Antigen tests will be provided to primary school children where another child in their pod has tested positive for Covid-19, Minister for Education Norma Foley has said.
In a case where two or more cases arise in a class within a seven-day period outside of the original pod, antigen testing will be offered to the full class.
The tests – which will be made available from November 29th – will be sent to the children’s parents by the Health Service Executive.
Parents and guardians are being instructed to inform the school principal of a positive result and the principal will then inform parents of other children in the pod. No personal details will be shared.
Until now, this was being done on a voluntary basis in some school.
The school principal will then inform the parents of other children in the pod of a confirmed case. These parents will be provided with the option to receive free antigen tests for their child, which they will be able to order for delivery to their home.
Ms Foley said children who are in a pod where a child has tested positive can continue to attend school provided they are not experiencing symptoms of the virus. If a child displays any symptoms, they should self-isolate immediately and parent or guardians are requested to arrange a PCR test.
While antigen testing will be encouraged, it will not be mandatory for children. In addition, school principals will not be required to gather evidence of participation or of antigen test results.
The Department of Education said information material for parents will be shared with schools and publicised early next week. The antigen testing programme is due to commence on or before November 29th. Ms Foley said she welcomed the HSE’s introduction of this choice for parents and children to undertake antigen testing.
“It is important that everyone continues to follow all the public health advice in using this new programme. In particular, I urge parents to take the opportunity to inform principals quickly if a child receives a positive result from a PCR test for Covid-19. By doing this, the choice to participate in antigen testing can be offered to other parents,” she said.
“We all need to continue to follow all the advice we know so well now, including hand-washing, staying at home if we have any symptoms, and reducing our contacts where possible.”
Minister for Health Donnelly said antigen testing was an additional layer in our public health advice. He stressed that the public health message remains that anyone who has any respiratory symptoms should self-isolate at home and get a PCR test as soon as possible.
The Irish National Teachers’ Organisation, which represents primary school teachers, said the new scheme must be properly resourced and kept under review.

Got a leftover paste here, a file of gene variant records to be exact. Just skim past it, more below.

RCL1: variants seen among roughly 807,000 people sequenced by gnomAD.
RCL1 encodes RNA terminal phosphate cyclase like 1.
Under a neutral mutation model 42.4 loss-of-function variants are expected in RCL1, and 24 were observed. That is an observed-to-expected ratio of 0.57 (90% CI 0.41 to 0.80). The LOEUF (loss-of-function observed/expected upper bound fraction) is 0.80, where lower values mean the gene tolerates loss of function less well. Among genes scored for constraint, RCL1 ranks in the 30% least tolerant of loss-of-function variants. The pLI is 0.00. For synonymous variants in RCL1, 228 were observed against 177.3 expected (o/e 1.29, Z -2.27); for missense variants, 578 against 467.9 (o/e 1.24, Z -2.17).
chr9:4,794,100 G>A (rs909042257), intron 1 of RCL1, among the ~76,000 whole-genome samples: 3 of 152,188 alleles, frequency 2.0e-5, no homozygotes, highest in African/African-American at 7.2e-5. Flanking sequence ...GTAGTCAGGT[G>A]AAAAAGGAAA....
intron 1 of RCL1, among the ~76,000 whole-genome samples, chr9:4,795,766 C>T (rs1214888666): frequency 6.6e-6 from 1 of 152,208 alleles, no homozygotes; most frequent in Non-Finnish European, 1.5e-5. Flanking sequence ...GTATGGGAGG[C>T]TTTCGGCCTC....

“Infection levels are rising in our schools and the wider community at an alarming rate,” said a union spokesman.
“Swift deployment, clear guidance and a full suite of supports for schools will be essential if this measure is to have the necessary impact on our schools.”
It also called on the Government to launch national public awareness campaign designed to stop those who are symptomatic from attending school.
Meanwhile, school managers have warned parents may see more primary school classes being sent home over the coming weeks due to a “crisis” in substitution cover which will worsen due to new rules on close contacts.
Under new rules announced on Tuesday, people – including teachers – who are close contacts of a confirmed case in their household are being advised to restrict their movements for five days, even if vaccinated.
Until now those who were fully vaccinated were not required to self-isolate or restrict their movements when listed as close contacts.
Séamus Mulconry, general secretary of the Catholic Primary Schools Management Association, which supports more than 2,800 primary schools, said the change will worsen teacher supply.
“We already have a substitution crisis and schools are operating at their limits. These new rules will make it even worse. In a worst-case scenario, we’re looking at classes being sent home,” he said.
How the school antigen testing programme will work
When a parent receives a positive PCR test result on their child, they are requested to notify the school principal immediately.
The school principal will inform the parents of the children in the positive case’s pod that they are close contacts of a confirmed Covid-19 case. The name of the case or any other details will not be shared.
The school principal will identify the children in the case’s pod, and inform their parents, offering the opportunity to order antigen tests from the distribution company.
The antigen tests will be posted to the parents of the children in the pod.
Parents carry out the antigen test on the day that they receive it and every second day until three tests have been done.
The children in the pod can continue to attend school as long as they remain asymptomatic and their antigen test results remain not detected.
If a child’s antigen test indicates a positive result:
If an antigen test is positive, the child isolates at home and the child’s parent/guardian logs onto the HSE to request a PCR test.
The antigen test distribution company will record the numbers of antigen tests distributed, batch numbers and the names of the relevant schools.
If a child develops symptoms of COVID-19:
If at any stage a child becomes symptomatic they should isolate at home and organise a PCR test if indicated. A “not–detected” antigen test holds no value in this situation of a symptomatic child.
If two or more cases arise in a class, outside a single pod:
In a case where two or more cases arise in a class, within a seven-day period, outside of a single pod, antigen testing will be offered to the full class.